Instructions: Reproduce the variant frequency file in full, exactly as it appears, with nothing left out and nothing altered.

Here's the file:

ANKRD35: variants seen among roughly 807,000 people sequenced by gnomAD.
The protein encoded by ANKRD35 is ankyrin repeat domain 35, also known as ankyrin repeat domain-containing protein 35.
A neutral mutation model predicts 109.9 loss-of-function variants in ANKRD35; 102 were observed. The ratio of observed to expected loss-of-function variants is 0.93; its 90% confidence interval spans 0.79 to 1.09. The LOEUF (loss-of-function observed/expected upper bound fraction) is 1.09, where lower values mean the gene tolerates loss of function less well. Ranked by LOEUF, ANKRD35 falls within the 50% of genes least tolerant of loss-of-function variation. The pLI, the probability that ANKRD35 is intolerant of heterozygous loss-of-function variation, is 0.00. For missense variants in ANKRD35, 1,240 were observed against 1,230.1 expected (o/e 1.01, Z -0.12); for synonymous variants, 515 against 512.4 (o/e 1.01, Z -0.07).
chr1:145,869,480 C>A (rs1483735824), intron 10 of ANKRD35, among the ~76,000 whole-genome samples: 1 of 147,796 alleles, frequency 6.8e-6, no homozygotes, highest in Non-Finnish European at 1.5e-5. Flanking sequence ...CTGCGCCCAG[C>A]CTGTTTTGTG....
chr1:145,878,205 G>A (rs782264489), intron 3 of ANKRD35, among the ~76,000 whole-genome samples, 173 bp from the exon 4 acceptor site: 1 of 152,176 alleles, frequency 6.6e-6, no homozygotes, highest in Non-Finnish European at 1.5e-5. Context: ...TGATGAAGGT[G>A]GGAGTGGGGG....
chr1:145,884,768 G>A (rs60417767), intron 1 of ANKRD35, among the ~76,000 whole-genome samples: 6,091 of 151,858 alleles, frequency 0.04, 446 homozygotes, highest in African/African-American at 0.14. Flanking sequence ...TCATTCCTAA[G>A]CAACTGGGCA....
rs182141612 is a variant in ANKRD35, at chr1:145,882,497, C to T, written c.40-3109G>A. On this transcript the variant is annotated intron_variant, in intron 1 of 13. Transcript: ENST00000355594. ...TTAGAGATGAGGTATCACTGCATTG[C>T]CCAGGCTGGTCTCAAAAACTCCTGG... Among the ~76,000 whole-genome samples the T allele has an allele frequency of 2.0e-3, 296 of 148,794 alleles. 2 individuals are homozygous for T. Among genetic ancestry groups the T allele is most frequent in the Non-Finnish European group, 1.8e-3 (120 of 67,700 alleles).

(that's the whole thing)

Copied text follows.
ANKRD35: variants seen among roughly 807,000 people sequenced by gnomAD.
The protein encoded by ANKRD35 is ankyrin repeat domain 35, also known as ankyrin repeat domain-containing protein 35.
A neutral mutation model predicts 109.9 loss-of-function variants in ANKRD35; 102 were observed. The ratio of observed to expected loss-of-function variants is 0.93; its 90% confidence interval spans 0.79 to 1.09. The LOEUF (loss-of-function observed/expected upper bound fraction) is 1.09, where lower values mean the gene tolerates loss of function less well. Ranked by LOEUF, ANKRD35 falls within the 50% of genes least tolerant of loss-of-function variation. The pLI, the probability that ANKRD35 is intolerant of heterozygous loss-of-function variation, is 0.00. For missense variants in ANKRD35, 1,240 were observed against 1,230.1 expected (o/e 1.01, Z -0.12); for synonymous variants, 515 against 512.4 (o/e 1.01, Z -0.07).
chr1:145,869,480 C>A (rs1483735824), intron 10 of ANKRD35, among the ~76,000 whole-genome samples: 1 of 147,796 alleles, frequency 6.8e-6, no homozygotes, highest in Non-Finnish European at 1.5e-5. Flanking sequence ...CTGCGCCCAG[C>A]CTGTTTTGTG....
chr1:145,878,205 G>A (rs782264489), intron 3 of ANKRD35, among the ~76,000 whole-genome samples, 173 bp from the exon 4 acceptor site: 1 of 152,176 alleles, frequency 6.6e-6, no homozygotes, highest in Non-Finnish European at 1.5e-5. Context: ...TGATGAAGGT[G>A]GGAGTGGGGG....
chr1:145,884,768 G>A (rs60417767), intron 1 of ANKRD35, among the ~76,000 whole-genome samples: 6,091 of 151,858 alleles, frequency 0.04, 446 homozygotes, highest in African/African-American at 0.14. Flanking sequence ...TCATTCCTAA[G>A]CAACTGGGCA....
rs182141612 is a variant in ANKRD35, at chr1:145,882,497, C to T, written c.40-3109G>A. On this transcript the variant is annotated intron_variant, in intron 1 of 13. Transcript: ENST00000355594. ...TTAGAGATGAGGTATCACTGCATTG[C>T]CCAGGCTGGTCTCAAAAACTCCTGG... Among the ~76,000 whole-genome samples the T allele has an allele frequency of 2.0e-3, 296 of 148,794 alleles. 2 individuals are homozygous for T. Among genetic ancestry groups the T allele is most frequent in the Non-Finnish European group, 1.8e-3 (120 of 67,700 alleles).